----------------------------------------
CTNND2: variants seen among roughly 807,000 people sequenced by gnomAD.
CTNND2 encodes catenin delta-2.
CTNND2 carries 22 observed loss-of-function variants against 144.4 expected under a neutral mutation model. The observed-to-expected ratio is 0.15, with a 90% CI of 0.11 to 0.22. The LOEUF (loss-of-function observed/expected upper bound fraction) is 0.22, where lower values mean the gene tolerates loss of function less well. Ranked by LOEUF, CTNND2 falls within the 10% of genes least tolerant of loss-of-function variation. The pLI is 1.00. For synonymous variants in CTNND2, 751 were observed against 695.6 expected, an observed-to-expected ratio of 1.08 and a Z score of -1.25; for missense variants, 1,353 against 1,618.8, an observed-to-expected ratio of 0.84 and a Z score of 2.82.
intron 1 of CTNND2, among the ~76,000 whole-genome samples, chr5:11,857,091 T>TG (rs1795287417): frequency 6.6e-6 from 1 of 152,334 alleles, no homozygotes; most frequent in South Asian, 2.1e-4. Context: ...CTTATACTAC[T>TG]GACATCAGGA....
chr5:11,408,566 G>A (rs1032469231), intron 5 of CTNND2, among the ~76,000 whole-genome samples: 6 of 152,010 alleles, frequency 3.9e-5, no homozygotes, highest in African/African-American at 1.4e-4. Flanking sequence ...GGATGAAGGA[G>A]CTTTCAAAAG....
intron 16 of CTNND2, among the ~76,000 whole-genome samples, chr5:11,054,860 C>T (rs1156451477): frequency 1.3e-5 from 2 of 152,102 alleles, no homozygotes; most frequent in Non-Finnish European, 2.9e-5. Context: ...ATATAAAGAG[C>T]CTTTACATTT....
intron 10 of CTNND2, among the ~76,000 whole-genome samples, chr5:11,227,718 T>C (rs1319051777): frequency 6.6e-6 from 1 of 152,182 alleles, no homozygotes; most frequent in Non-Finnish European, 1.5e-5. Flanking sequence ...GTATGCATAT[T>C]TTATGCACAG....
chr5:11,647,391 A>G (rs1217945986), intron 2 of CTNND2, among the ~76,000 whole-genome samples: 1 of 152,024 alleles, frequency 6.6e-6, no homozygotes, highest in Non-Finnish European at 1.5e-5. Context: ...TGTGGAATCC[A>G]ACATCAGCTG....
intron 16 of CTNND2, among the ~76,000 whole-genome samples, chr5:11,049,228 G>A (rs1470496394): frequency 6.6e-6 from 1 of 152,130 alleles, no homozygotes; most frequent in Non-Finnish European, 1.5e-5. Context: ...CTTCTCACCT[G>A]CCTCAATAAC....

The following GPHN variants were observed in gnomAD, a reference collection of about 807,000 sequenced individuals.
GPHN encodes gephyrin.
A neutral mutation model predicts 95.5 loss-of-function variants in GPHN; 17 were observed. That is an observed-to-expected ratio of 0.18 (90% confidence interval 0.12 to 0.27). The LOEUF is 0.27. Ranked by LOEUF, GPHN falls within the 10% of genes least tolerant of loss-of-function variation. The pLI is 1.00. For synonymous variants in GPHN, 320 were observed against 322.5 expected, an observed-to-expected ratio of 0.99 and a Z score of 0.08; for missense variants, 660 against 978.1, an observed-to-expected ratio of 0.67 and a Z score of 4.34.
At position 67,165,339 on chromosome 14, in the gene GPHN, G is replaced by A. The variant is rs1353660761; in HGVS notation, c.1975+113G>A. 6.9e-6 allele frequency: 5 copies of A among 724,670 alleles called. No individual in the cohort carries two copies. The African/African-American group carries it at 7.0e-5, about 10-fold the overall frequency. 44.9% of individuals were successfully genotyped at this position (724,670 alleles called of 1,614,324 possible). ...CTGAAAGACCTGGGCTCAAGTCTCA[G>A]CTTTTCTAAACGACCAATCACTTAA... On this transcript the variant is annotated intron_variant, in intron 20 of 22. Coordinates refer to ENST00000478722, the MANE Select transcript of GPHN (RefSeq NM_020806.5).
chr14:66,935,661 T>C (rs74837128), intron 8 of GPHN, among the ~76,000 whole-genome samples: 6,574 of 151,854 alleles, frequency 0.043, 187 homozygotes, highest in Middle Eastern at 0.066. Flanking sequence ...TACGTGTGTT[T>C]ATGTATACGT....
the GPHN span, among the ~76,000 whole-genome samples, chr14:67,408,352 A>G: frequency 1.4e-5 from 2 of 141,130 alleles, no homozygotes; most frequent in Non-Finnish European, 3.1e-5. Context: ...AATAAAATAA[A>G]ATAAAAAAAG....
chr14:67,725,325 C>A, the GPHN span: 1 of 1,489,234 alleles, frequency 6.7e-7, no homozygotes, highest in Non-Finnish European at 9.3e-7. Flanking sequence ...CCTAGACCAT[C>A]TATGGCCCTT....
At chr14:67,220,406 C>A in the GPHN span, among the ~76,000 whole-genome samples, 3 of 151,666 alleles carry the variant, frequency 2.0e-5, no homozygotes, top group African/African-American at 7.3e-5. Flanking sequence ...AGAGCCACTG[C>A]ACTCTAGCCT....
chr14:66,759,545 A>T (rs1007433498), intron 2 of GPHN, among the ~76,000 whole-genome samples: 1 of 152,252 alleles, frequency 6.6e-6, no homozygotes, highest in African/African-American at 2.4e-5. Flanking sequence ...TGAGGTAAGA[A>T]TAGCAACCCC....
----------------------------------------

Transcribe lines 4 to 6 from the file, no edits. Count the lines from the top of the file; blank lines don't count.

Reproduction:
intron 1 of CTNND2, among the ~76,000 whole-genome samples, chr5:11,857,091 T>TG (rs1795287417): frequency 6.6e-6 from 1 of 152,334 alleles, no homozygotes; most frequent in South Asian, 2.1e-4. Context: ...CTTATACTAC[T>TG]GACATCAGGA....
chr5:11,408,566 G>A (rs1032469231), intron 5 of CTNND2, among the ~76,000 whole-genome samples: 6 of 152,010 alleles, frequency 3.9e-5, no homozygotes, highest in African/African-American at 1.4e-4. Flanking sequence ...GGATGAAGGA[G>A]CTTTCAAAAG....
intron 16 of CTNND2, among the ~76,000 whole-genome samples, chr5:11,054,860 C>T (rs1156451477): frequency 1.3e-5 from 2 of 152,102 alleles, no homozygotes; most frequent in Non-Finnish European, 2.9e-5. Context: ...ATATAAAGAG[C>T]CTTTACATTT....